Ports looking for 3 new contractors

Things are moving rapidly at the Ports of Auckland, certainly much more rapidly than the dinosaurs at the Maritime Union ever contemplated:

Ports of Auckland plans to approach at least three outside stevedore contractors this week in a bid to break an 11-month impasse with its own workers, whose strikes have been blamed for the loss of major customers.

“Change has got to happen,” chief executive Tony Gibson told BusinessDesk. “We have a business to run and clients to keep happy.”

Negotiations between Ports of Auckland and the Maritime Union of New Zealand (MUNZ) have stalled over the company’s plan to introduce flexible rosters that the union says will lead to a casualised workforce and loss of guaranteed hours for full-time staff.

By sharing the stevedoring work among several firms, the port would encourage competition, driving down costs and lifting productivity, Gibson says. That change would also see Ports of Auckland move closer to the model used by arch-rival Port of Tauranga, the biggest beneficiary of Auckland’s loss of business.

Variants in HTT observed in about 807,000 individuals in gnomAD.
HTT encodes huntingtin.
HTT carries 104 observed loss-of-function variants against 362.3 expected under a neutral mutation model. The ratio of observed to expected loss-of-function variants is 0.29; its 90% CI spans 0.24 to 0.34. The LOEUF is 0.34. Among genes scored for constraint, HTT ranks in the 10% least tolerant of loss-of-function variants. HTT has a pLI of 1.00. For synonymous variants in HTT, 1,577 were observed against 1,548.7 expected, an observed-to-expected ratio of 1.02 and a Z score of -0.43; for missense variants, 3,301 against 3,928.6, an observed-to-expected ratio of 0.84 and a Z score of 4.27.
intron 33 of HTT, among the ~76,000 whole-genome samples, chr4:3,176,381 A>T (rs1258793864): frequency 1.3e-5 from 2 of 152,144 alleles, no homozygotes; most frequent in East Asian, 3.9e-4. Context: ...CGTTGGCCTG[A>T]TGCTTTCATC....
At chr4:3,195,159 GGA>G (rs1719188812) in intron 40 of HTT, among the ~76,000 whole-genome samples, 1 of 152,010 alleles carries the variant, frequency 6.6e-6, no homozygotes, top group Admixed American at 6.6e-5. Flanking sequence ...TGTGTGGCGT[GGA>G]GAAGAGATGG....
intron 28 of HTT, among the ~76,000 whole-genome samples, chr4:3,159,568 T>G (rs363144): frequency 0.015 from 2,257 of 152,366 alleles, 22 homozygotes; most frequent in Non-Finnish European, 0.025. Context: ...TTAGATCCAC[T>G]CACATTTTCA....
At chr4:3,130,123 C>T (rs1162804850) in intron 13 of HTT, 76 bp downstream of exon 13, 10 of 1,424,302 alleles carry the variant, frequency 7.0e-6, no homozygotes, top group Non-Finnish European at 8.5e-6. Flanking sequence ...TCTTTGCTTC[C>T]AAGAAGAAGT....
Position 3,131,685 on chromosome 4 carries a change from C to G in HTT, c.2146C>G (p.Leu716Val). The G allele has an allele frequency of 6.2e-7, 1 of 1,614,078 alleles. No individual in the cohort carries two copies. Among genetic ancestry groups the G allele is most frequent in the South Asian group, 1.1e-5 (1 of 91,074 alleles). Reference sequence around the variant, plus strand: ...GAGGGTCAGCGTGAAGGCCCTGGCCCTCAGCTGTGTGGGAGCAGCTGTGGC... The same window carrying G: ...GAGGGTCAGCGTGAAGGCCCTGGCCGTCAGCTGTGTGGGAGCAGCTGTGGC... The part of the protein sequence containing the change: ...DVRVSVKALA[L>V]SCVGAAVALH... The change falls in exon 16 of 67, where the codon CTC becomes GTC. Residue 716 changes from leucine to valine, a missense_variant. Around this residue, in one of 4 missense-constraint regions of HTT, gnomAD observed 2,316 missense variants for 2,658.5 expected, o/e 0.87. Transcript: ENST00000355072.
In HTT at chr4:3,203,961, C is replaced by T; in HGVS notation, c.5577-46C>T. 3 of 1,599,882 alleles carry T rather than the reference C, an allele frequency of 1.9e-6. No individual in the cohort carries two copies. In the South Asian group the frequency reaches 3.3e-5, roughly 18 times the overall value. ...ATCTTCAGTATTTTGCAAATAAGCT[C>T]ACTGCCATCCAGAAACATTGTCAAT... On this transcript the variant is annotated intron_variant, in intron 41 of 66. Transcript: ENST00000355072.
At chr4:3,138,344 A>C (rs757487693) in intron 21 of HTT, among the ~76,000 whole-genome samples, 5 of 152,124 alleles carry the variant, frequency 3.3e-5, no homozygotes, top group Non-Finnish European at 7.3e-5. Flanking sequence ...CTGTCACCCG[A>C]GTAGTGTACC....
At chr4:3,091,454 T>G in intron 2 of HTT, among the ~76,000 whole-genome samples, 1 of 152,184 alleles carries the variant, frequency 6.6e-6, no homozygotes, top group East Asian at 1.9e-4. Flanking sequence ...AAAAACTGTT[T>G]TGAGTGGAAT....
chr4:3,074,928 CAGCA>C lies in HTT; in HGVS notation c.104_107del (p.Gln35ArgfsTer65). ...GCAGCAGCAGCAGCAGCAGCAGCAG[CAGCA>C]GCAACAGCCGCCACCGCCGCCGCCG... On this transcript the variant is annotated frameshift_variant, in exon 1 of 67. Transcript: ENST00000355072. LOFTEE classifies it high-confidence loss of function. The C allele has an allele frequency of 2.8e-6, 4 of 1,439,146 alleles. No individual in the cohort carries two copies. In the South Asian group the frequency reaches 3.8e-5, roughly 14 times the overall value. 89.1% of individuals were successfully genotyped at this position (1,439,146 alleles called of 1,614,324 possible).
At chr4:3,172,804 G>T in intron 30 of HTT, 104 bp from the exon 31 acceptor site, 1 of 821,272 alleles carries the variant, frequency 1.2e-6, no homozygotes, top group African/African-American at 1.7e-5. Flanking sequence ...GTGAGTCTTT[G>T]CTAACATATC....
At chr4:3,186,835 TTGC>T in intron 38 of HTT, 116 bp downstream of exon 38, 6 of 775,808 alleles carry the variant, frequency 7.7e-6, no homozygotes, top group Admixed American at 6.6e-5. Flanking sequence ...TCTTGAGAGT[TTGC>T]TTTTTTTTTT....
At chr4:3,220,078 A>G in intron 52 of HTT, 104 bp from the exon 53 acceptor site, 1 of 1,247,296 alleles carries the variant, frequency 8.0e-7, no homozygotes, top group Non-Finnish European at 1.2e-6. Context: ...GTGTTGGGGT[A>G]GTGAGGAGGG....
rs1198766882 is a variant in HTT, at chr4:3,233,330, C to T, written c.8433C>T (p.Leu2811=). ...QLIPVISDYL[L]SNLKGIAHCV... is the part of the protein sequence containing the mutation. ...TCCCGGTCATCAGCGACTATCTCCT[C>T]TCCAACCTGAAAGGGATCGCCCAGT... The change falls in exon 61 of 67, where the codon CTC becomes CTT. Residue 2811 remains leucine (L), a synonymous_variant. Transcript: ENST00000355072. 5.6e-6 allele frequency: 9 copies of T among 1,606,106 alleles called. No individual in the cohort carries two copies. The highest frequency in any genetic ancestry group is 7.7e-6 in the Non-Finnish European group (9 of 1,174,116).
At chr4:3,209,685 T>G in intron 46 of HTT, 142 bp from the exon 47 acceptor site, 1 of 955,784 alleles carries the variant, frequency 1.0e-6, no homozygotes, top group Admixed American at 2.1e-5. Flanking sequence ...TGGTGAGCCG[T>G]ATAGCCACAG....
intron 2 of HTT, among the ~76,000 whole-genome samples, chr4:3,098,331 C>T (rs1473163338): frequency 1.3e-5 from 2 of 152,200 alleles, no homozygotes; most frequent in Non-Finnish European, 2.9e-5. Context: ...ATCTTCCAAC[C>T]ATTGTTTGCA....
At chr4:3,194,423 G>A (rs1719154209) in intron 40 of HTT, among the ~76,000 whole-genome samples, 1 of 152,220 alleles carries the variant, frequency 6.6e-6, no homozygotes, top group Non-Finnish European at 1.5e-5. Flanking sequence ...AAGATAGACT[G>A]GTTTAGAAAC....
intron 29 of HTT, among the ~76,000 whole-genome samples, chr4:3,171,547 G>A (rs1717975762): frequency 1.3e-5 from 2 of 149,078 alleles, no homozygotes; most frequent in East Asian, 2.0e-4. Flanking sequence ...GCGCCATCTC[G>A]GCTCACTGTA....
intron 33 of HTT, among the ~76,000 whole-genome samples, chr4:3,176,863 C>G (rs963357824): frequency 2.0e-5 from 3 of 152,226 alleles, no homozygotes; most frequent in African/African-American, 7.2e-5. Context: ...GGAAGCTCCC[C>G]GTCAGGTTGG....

Through their intransigence and patch protection, ironically, the Maritime union has overseen the destruction of their 300 strong workforce. It is now likely that those workers will be splintered amongst contractors, if anyone will have them.

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As much at home writing editorials as being the subject of them, Cam has won awards, including the Canon Media Award for his work on the Len Brown/Bevan Chuang story. When he’s not creating the news, he tends to be in it, with protagonists using the courts, media and social media to deliver financial as well as death threats.

They say that news is something that someone, somewhere, wants kept quiet. Cam Slater doesn’t do quiet and, as a result, he is a polarising, controversial but highly effective journalist who takes no prisoners.

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